When I sit down to write a prayer letter, I often feel like I need to come up with something new and exciting to tell my supporters. After all, they are giving lots of money and praying for us, so I should have something significant to report, thereby justifying my existence. But I often have trouble figuring out what to write. Most of the work we are involved is in the category of “slow-and-steady-wins-the-race” and not in the category of “awesome-ground-breaking-pioneer-ministry-look-what-we’ve-done-now!” Thankfully, the vast majority of our supporters seem to understand that fruitfulness in ministry is a long-term, Holy Spirit wrought endeavor, not just a list of man-driven activities. Nonetheless, I would feel bad just writing, “Same as last month. Keep praying. Thanks” and then sign off. So I need to write something. It needs to be accurate, informative, interesting, and not overstate the what we are really doing. On slow months, when not much new is happening, that last one is difficult.
The tendency to overstate the importance and influence of one’s own ministry is something many missionaries struggle with (or should struggle with). How do I tell people about what “we” are doing without making it seem like I am more important and significant than I really am? Undoubtedly, there are many significant and strategic works that missionaries are involved in today, but many ministries are not all that unique or ground-breaking. This is especially true in places where there is an established church. In Thailand, Protestants compose only 0.6% of the Thai population, so in many cases it is easy to think that whatever one is doing has probably never been done before. The reality is that the Thai church is doing a lot to evangelize and disciple its own people, although not on the scale that you’d see in a country with a higher percent of the population Christianized. I’ve been in Thailand eight years and I am still learning about the ministries and resources that are available in the Thai church. However, some missionaries don’t seem to familiarize themselves with what is already going on and thus have a warped, over-inflated sense of the uniqueness or importance of their own ministry.
Either through ignorance or the desire for supporters to think well of them, it is not uncommon to for missionaries to paint themselves as doing something that no one else is doing. Or someone else is doing what they are doing, but they choose to ignore that and focus on how awesome and unique their own work is. It just doesn’t sounds as support-worthy to say, “Maybe there are other people are doing the same thing that we want to do, but we’re not going to take the time to find out because it is easier to do our own thing in our own way.” If you ask some of these missionaries, missionaries-to-be, or “non-residential missionaries” about contextualization and point out that their plan might not be the best one, they reply, “Sure. Of course contextualization is important. But we think that our pre-packaged church planting / evangelism / discipleship program is trans-cultural and can be used effectively worldwide without much modification.” It was awesome in Southern California or Seoul, so why would it fail to be awesome here?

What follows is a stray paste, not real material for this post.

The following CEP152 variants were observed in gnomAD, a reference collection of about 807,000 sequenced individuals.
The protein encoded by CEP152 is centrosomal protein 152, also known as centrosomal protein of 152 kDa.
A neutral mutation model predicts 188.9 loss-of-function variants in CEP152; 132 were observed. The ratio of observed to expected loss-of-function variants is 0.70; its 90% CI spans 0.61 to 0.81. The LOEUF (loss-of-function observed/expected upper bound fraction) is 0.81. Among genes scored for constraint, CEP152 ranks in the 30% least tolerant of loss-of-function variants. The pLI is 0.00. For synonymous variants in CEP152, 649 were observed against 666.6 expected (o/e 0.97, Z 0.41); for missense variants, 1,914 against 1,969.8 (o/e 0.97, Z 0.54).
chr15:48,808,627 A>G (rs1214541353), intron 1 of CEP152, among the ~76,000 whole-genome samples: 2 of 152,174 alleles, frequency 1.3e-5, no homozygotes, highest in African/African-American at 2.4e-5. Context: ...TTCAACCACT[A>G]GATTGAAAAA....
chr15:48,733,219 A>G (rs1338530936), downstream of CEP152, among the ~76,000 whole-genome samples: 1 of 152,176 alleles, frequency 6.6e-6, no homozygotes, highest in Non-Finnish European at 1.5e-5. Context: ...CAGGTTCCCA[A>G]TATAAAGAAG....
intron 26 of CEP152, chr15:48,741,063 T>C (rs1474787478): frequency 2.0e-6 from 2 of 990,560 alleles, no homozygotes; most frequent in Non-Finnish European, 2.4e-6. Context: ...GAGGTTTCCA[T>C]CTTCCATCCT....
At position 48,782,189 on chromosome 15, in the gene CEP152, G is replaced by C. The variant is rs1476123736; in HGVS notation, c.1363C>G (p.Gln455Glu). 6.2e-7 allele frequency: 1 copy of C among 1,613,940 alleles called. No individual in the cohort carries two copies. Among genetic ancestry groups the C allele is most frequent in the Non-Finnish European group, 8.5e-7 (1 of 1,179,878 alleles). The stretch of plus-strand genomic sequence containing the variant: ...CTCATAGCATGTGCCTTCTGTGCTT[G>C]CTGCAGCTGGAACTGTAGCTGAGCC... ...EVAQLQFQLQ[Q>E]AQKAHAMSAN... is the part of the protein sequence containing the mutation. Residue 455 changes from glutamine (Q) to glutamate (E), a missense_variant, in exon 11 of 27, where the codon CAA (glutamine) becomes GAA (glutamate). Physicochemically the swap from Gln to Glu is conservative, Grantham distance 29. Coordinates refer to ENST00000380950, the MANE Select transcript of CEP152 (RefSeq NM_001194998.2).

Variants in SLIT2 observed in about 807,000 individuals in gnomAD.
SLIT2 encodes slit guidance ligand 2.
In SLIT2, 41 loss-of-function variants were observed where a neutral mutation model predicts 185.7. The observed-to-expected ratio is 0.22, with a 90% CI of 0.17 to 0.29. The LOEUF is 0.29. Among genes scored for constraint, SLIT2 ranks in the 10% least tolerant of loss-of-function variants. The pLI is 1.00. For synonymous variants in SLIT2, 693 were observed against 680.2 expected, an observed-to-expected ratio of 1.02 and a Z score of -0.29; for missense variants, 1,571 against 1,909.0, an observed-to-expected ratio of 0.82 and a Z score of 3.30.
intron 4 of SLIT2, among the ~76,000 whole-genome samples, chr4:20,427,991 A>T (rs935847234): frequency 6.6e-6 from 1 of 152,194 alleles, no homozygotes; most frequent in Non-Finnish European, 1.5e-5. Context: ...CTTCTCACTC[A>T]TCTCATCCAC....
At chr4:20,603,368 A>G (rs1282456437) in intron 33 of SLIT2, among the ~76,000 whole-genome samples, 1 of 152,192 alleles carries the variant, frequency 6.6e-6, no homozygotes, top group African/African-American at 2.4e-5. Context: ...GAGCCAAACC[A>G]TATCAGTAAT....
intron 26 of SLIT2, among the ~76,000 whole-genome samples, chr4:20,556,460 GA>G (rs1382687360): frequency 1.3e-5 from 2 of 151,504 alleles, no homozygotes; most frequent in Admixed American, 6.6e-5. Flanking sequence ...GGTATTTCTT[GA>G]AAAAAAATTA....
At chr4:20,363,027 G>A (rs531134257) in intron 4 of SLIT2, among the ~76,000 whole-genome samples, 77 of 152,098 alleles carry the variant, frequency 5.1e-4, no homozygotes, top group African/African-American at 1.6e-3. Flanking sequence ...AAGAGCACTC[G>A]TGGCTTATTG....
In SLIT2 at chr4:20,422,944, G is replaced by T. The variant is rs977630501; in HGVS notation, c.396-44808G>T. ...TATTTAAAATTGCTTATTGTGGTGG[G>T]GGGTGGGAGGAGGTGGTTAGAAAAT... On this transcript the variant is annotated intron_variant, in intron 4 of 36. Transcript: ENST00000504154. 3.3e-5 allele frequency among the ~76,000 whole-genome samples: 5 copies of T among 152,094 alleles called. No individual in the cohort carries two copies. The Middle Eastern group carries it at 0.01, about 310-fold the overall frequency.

But is what missionaries write in their prayer letters an accurate reflection of themselves and the situation on the ground? Would the work of God come to a screeching halt in such-and-such a location if the missionaries writing the letter were not there?
Writing an accurate prayer letter is an act of humility and faith. It is an act of humility because it means that we have taken the time to view ourselves and our work in the context of the larger work that is happening in our area. God has been at work before we arrived, and He will be at work after we leave. We are just one piece in the larger puzzle of how God is expanding his kingdom. That is not to say that we should put on some kind of self-deprecating false humility that understates the value or impact of what we are doing. To write like that is just a veiled attempt to solicit human praise. We should write truthfully but not overstate our own importance or significance. If what we are doing is really valuable, then supporters will see it and continue supporting us. That is why writing an accurate prayer letter is an act of faith. We need to trust God that writing truthfully will bring in enough support for the work we are doing. It is tempting to embellish the truth to make it sound brighter and shinier than it really is. Every missionary wants to be involved in something significant that furthers the kingdom of God, and every missions supporter wants to contribute to a ministry that is making a difference. If we make what we are doing sound a bit better than it really is, won’t that make a good impression on the folks back home? It may indeed impress people and keep the support coming in, but it does not honor God to falsify and exaggerate our missionary prayer letters. And it doesn’t advance the kingdom of God.
Writing a good, faithful, humble, and accurate missionary prayer letter is something that I struggle to do. And I imagine that other missionaries struggle with this too. Or they should struggle with it. There may be some ministries out there where something awesome and ground-breaking is happening all the time that makes writing prayer letters easy. But for the rest of us, we need to remember that God honors faithfulness and truthfulness in communication, even if we don’t look like a superhero every month.